NARPO has failed to present any new evidence or changed circumstances that would require reopening this proceeding. Furthermore, although not specifically raised by NARPO, the Board finds no material error.

 

The Board’s role under the National Trails System Act (Trails Act), 16 U.S.C.  1247(d), is limited. See Citizens Against Rails to Trails v. STB, 267 F.3d 1144, 1149-50 (D.C. Cir. 2001); Goos v. ICC, 911 F.2d 1283 (8th Cir. 1990). The Board’s responsibility when a request for a CITU is filed is to confirm that the trail sponsor agrees to assume, during the interim trail use, full responsibility for the management of the rights-of-way and for any associated legal liability and taxes and acknowledges that the rights-of-way are subject to possible future restoration or reconstruction for railroad purposes. 16 U.S.C.  1247(d); 49 C.F.R.  1152.29(a)(3). The Board has authority to revoke a trail condition upon a showing that the statutory requirements are not being met (e.g., the Trails Act was not available or the trail sponsor is not meeting its financial obligations for the property and its use as a trail). See Norfolk & W. Ry.—Aban. Exemption—Between Kokomo & Rochester in Howard, Miami, & Fulton Ctys., Ind., AB 290 (Sub-No. 168X), slip op. at 5 (STB served May 4, 2005); see also Goos, 911 F.2d at 1295-96.

 

The Board disagrees with NARPO’s claim that the CITU is not valid because the remaining segment of the Line is allegedly no longer connected to the national rail network as a result of UP’s abandonment of the segment between mileposts 38.6 and 38.0. While NARPO argues that the remaining segment of the Line has been disconnected from the national rail network as in RLTD Railway, the Board finds that NARPO has not made such a showing in this case, as the facts in this matter differ significantly from RLTD Railway. Here, UP states that, although it consummated abandonment over the segment of the Line between mileposts 38.6 and 38.0, UP retains ownership of that segment, reclassified as excepted track, and uses it for storing cars and switching activities. See 49 U.S.C. 10501(b), 10906 (providing that while the Board does not have licensing authority over “spur, industrial, team, switching, or side tracks,” the Board’s jurisdiction over such excepted track remains “exclusive”). If rail service were to be reactivated on the remaining segment of the Line, the segment between mileposts 38.6 and 38.0 would provide access to the national rail network. See Norfolk & W. Ry., slip op. at 10-11 (“[T]he reclassification of this track as industrial track would not mean that the track would be removed from the interstate rail network or placed beyond the Board’s regulatory reach, nor that it could not be used in the future as a link for [a railbanked] segment to tie into the national rail system.”)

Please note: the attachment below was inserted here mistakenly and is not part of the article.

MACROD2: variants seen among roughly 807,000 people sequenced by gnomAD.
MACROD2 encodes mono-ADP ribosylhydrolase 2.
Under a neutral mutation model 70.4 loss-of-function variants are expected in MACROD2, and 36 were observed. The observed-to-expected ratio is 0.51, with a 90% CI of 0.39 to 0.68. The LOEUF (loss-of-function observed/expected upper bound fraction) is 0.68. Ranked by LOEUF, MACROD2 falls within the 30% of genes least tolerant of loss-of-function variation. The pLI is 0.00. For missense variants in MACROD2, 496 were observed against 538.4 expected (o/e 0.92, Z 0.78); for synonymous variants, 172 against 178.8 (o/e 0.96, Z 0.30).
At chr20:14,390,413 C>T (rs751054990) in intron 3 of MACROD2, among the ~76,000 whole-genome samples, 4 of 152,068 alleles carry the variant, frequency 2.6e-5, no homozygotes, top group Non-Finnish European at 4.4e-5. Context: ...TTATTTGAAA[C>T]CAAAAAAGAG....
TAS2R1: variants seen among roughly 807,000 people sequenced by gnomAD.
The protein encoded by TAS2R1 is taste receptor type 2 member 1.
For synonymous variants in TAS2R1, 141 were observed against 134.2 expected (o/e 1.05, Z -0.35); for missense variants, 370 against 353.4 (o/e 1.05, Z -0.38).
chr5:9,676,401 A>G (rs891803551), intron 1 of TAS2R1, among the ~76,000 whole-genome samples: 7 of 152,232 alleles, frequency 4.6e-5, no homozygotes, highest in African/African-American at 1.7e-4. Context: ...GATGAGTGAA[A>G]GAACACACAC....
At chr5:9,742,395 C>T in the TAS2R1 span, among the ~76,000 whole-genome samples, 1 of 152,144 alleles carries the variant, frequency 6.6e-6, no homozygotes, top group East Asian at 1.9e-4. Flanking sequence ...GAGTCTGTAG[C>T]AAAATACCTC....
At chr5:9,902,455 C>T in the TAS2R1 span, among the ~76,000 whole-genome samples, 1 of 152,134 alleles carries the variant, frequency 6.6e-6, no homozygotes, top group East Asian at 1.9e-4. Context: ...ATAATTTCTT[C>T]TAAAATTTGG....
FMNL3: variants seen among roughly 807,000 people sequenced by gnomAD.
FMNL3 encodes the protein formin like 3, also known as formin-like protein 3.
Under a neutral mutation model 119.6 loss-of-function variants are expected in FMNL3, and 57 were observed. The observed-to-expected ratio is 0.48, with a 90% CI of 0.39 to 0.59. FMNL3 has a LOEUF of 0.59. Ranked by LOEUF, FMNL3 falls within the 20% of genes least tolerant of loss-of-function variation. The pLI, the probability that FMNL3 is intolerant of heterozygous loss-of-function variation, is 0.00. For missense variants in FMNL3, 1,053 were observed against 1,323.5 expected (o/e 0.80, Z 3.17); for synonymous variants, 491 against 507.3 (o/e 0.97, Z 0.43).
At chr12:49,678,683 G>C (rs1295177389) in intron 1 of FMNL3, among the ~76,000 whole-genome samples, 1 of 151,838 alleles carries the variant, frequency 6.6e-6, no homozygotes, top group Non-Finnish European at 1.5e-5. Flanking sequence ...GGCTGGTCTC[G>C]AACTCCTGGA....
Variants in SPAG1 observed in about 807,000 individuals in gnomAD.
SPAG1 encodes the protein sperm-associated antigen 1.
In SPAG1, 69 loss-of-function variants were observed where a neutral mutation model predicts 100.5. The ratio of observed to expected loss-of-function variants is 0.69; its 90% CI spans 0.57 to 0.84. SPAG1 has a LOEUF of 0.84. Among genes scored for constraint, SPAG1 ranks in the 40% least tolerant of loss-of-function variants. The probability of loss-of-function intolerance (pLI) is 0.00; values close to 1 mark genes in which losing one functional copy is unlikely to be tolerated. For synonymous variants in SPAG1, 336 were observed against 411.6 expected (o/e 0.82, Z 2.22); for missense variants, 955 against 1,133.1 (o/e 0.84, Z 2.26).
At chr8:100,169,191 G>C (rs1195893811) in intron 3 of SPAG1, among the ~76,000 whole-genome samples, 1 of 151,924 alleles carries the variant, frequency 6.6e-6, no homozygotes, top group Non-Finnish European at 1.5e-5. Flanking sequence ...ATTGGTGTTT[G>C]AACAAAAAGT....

UP has also stated that, under the interim trail use/rail banking agreement, UP explicitly retained the ability to replace the bridges in the event rail service is reactivated on the remaining segment of the Line. Moreover, UP has provided for a connection of the remaining segment of the Line to the national rail network via the 0.6-mile segment. Therefore, the Board is not persuaded by NARPO’s argument that the CITU is not valid.[5] See Burlington N. R.R.—Aban. Exemption—Between Klickitat & Goldendale, Wash., AB-6 (Sub-No. 335X), slip op. at 3-5 (STB served June 8, 2005) (finding that, despite the railroad selling certain property within the right-of-way for a portion of line authorized for abandonment, both the railroad and trail sponsor retained sufficient property interests to “serve as a link to the interstate rail network if active rail service on [the] rail banked line were to be restored”); cf. Norfolk & W. Ry., AB 290 (Sub-No. 168X), slip op. at 12 (noting the possibility that rail service could be restored over an abandoned segment should the property owner agree to “provide a connection . . . to the interstate rail network in the event rail service is restored”).

 

The Board will deny NARPO’s petition to reopen this proceeding. NARPO has not shown any material error, new evidence, or substantially changed circumstances. Furthermore, there is nothing in the record to suggest that the statutory requirements for interim trail use are not being met.

 

It is ordered:

 

1. NARPO’s March 20, 2019 reply is accepted into the record.

 

2. NARPO’s petition to reopen this proceeding and revoke the CITU is denied.

 

3. This decision is effective on its service date.

 

By the Board, Board Members Begeman, Fuchs, and Oberman.

 



[1] The digest constitutes no part of the decision of the Board but has been prepared for the convenience of the reader. It may not be cited to or relied upon as precedent. See Policy Statement on Plain Language Digests in Decisions, EP 696 (STB served Sept. 2, 2010).

[2] As the Board explained, UP had argued that the bridges, if left in place, exposed the surrounding area to flooding hazards in the spring thaw season. Additionally, certain of the potential trail sponsors informed the Board that the bridges were structurally deficient and in danger of collapse, and represented that a future trail use agreement with UP would address replacement of the bridges should rail service be reactivated in the future.

[3] This portion of the Line was not included in an August 17, 2010 request to extend the CITU negotiating period.

[4] Under 49 C.F.R.  1104.13(c), a reply to a reply is not permitted. However, in the interest of a more complete record, the Board will accept NARPO’s March 20, 2019 reply into the record.

[5] The Board’s findings here are based on the particular circumstances of this case. The Board need not, and does not, decide here whether any other connection between a line authorized for abandonment and the rest of the national rail system would suffice, or whether any connection is needed at all, to permit rail banking under the Trails Act.